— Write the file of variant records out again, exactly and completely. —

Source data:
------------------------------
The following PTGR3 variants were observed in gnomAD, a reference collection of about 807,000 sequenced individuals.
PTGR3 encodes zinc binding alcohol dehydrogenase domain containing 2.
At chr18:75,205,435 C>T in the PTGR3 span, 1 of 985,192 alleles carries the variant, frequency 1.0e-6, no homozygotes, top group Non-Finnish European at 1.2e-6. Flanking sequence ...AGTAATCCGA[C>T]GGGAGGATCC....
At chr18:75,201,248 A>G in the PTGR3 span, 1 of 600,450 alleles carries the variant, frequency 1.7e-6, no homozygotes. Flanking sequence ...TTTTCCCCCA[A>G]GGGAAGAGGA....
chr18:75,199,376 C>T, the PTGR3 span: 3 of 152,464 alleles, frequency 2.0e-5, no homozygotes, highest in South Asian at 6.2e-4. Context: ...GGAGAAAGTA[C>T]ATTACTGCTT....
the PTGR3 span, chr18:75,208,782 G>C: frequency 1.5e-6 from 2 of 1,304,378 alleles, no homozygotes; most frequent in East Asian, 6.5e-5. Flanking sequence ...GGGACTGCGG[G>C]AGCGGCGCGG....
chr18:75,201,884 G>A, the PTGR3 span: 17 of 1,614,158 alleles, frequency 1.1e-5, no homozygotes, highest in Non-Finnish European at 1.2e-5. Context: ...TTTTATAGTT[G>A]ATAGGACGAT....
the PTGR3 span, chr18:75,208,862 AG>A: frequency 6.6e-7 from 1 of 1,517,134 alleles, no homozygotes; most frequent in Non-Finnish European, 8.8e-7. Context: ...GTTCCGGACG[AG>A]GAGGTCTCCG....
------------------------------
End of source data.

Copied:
The following PTGR3 variants were observed in gnomAD, a reference collection of about 807,000 sequenced individuals.
PTGR3 encodes zinc binding alcohol dehydrogenase domain containing 2.
At chr18:75,205,435 C>T in the PTGR3 span, 1 of 985,192 alleles carries the variant, frequency 1.0e-6, no homozygotes, top group Non-Finnish European at 1.2e-6. Flanking sequence ...AGTAATCCGA[C>T]GGGAGGATCC....
At chr18:75,201,248 A>G in the PTGR3 span, 1 of 600,450 alleles carries the variant, frequency 1.7e-6, no homozygotes. Flanking sequence ...TTTTCCCCCA[A>G]GGGAAGAGGA....
chr18:75,199,376 C>T, the PTGR3 span: 3 of 152,464 alleles, frequency 2.0e-5, no homozygotes, highest in South Asian at 6.2e-4. Context: ...GGAGAAAGTA[C>T]ATTACTGCTT....
the PTGR3 span, chr18:75,208,782 G>C: frequency 1.5e-6 from 2 of 1,304,378 alleles, no homozygotes; most frequent in East Asian, 6.5e-5. Flanking sequence ...GGGACTGCGG[G>C]AGCGGCGCGG....
chr18:75,201,884 G>A, the PTGR3 span: 17 of 1,614,158 alleles, frequency 1.1e-5, no homozygotes, highest in Non-Finnish European at 1.2e-5. Context: ...TTTTATAGTT[G>A]ATAGGACGAT....
the PTGR3 span, chr18:75,208,862 AG>A: frequency 6.6e-7 from 1 of 1,517,134 alleles, no homozygotes; most frequent in Non-Finnish European, 8.8e-7. Context: ...GTTCCGGACG[AG>A]GAGGTCTCCG....